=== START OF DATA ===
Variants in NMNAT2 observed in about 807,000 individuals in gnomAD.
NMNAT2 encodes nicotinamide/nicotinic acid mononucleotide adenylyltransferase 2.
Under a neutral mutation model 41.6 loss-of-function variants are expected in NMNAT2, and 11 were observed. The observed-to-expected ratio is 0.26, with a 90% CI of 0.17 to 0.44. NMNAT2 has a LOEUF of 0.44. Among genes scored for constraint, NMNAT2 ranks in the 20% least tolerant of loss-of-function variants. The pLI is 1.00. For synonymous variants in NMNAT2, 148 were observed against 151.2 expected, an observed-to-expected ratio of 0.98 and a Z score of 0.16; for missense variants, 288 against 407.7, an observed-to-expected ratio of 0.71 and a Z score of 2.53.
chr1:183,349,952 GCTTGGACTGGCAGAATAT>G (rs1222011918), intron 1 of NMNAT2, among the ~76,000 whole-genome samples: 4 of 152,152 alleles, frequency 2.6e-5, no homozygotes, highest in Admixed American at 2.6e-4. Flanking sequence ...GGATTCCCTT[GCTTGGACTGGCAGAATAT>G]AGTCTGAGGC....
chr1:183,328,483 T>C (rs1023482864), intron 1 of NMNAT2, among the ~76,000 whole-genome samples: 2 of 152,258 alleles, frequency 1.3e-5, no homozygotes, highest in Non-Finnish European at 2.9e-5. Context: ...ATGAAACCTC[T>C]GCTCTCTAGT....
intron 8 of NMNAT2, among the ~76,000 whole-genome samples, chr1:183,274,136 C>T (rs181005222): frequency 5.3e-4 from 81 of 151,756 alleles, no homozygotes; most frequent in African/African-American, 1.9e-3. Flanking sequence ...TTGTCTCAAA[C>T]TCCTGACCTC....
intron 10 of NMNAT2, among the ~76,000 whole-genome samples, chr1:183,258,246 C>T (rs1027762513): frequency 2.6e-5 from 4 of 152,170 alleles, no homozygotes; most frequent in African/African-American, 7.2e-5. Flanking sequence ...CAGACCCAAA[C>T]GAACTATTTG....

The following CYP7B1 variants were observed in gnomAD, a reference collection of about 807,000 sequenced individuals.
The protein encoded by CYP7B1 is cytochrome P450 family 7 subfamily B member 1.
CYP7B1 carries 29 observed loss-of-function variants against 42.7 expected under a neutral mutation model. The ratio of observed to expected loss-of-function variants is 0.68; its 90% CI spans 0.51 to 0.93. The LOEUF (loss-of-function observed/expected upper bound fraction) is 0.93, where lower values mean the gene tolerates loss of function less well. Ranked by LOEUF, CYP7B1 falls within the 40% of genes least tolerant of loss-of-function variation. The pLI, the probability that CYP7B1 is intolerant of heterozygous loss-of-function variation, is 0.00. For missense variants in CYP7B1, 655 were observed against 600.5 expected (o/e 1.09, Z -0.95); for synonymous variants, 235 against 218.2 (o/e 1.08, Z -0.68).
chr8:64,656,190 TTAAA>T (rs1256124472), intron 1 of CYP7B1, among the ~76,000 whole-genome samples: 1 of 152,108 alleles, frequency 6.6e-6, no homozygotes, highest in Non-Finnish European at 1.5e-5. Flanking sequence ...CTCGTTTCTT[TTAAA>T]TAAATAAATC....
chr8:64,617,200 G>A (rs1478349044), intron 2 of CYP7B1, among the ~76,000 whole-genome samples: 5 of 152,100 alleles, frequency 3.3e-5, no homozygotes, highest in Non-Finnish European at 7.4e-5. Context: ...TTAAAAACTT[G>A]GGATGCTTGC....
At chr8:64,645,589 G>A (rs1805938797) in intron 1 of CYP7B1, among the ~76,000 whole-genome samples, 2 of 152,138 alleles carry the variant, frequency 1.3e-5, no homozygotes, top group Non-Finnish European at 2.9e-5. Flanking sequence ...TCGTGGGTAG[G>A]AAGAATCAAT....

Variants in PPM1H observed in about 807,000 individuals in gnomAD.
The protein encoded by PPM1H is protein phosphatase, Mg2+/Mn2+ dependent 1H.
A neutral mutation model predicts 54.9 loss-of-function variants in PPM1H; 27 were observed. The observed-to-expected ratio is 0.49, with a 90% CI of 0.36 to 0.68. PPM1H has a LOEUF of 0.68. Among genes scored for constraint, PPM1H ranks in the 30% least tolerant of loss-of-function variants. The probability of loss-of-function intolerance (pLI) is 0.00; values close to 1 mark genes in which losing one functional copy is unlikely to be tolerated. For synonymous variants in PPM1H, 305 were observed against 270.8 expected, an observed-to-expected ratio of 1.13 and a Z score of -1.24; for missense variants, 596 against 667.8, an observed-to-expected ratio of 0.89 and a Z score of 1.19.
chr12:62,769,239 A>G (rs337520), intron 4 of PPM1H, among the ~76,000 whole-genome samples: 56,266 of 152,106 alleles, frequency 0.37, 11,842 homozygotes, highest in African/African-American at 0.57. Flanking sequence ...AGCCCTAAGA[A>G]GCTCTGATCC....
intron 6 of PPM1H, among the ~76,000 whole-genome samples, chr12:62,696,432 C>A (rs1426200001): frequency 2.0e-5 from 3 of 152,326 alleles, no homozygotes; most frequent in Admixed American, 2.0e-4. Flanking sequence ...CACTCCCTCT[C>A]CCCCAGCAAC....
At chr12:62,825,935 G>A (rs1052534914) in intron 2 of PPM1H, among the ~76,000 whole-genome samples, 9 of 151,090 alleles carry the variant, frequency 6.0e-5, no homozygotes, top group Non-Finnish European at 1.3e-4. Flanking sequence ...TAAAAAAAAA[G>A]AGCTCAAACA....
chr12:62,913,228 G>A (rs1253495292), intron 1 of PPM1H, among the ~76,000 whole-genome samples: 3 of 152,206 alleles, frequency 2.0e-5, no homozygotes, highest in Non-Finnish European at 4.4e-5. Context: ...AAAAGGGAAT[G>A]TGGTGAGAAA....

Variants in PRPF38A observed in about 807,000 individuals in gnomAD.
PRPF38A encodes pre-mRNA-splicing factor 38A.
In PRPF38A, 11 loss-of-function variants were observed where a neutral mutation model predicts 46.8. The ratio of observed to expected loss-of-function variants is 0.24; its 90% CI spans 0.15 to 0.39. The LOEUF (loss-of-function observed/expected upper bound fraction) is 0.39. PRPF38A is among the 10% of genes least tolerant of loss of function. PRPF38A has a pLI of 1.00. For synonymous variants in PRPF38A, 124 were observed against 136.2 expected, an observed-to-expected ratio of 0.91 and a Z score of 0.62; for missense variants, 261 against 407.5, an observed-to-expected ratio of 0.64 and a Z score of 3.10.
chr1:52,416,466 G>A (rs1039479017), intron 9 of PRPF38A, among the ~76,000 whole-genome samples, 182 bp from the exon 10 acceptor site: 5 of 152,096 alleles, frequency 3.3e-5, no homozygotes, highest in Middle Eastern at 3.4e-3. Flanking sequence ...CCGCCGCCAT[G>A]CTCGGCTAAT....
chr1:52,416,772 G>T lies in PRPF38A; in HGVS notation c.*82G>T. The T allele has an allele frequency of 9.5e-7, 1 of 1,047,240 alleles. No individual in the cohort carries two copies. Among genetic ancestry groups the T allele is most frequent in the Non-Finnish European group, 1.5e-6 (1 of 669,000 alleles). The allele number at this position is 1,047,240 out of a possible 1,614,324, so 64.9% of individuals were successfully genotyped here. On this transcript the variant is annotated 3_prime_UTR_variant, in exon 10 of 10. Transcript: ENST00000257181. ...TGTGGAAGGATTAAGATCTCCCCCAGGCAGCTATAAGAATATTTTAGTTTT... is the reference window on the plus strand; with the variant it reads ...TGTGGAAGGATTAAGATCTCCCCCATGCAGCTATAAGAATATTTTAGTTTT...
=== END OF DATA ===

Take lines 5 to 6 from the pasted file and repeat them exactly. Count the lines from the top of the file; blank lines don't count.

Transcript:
chr1:183,328,483 T>C (rs1023482864), intron 1 of NMNAT2, among the ~76,000 whole-genome samples: 2 of 152,258 alleles, frequency 1.3e-5, no homozygotes, highest in Non-Finnish European at 2.9e-5. Context: ...ATGAAACCTC[T>C]GCTCTCTAGT....
intron 8 of NMNAT2, among the ~76,000 whole-genome samples, chr1:183,274,136 C>T (rs181005222): frequency 5.3e-4 from 81 of 151,756 alleles, no homozygotes; most frequent in African/African-American, 1.9e-3. Flanking sequence ...TTGTCTCAAA[C>T]TCCTGACCTC....